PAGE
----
Learning to care about the environment, plants, and animals requires exposure. Without that exposure children may not develop concern for the natural world. How do we allow our children to explore without harming the very plants and animals we want them to learn about? It's all about respect.

Children are naturally drawn to the outdoors. They bring home rocks, sticks, leaves, and maybe even little critters. There is a balance at play here. Children need to be a part of nature. They need time to get to know the world around them. Catching a worm or rolly polly is fun and educational.

I have never met an environmentalist that didn't bring home critters as a child. As your child grows and if you child is lucky enough to have the opportunity to gently catch insects, worms, salamanders or turtles there is one important rule you must teach them. Always return the animal to the place where you found it. Now you might say the worm will be fine if I move it to my garden and you are probably correct, but not all creatures will fair so well. For example, a box turtle lives it's life within a one mile radius. If you take it home and release it there it will most likely wander looking for home until it dies. On the other hand if your child observes the turtle for an afternoon (perhaps even sketches it), looks it up on the internet with you and learns about the new friend before returning it to it's home - that builds love and respect for the turtle. Allowing the turtle to continue its life.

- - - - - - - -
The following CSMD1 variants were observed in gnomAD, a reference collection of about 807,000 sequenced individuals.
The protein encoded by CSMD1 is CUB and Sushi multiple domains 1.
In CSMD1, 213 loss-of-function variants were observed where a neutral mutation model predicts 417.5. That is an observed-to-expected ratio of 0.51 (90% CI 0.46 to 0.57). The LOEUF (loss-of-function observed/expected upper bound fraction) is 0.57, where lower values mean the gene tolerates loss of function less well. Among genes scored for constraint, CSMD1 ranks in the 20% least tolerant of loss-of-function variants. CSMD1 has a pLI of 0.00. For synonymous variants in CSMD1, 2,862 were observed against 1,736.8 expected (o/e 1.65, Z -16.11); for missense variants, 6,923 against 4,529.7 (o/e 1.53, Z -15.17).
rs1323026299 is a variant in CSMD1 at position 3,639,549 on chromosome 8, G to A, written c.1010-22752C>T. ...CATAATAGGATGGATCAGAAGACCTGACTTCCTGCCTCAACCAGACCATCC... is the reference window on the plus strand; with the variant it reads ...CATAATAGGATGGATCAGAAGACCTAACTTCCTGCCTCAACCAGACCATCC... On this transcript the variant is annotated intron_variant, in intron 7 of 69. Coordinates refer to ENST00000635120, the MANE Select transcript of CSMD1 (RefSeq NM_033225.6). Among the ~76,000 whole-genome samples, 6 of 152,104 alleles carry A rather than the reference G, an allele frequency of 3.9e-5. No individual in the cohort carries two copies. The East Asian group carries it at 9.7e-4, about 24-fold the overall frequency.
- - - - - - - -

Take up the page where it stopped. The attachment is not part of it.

So get outside with your child if you are able, whether you live in the country or in a city. A city park can provide an abundance of nature for a child to explore. Young children often put their hands in their mouths so have wipes handy, especially if touching amphibians or reptiles. A link to useful nature guides for learning about the plants and animals around us are below. And Always, return living creatures to the place where you found them!

Pocket Naturalist guides...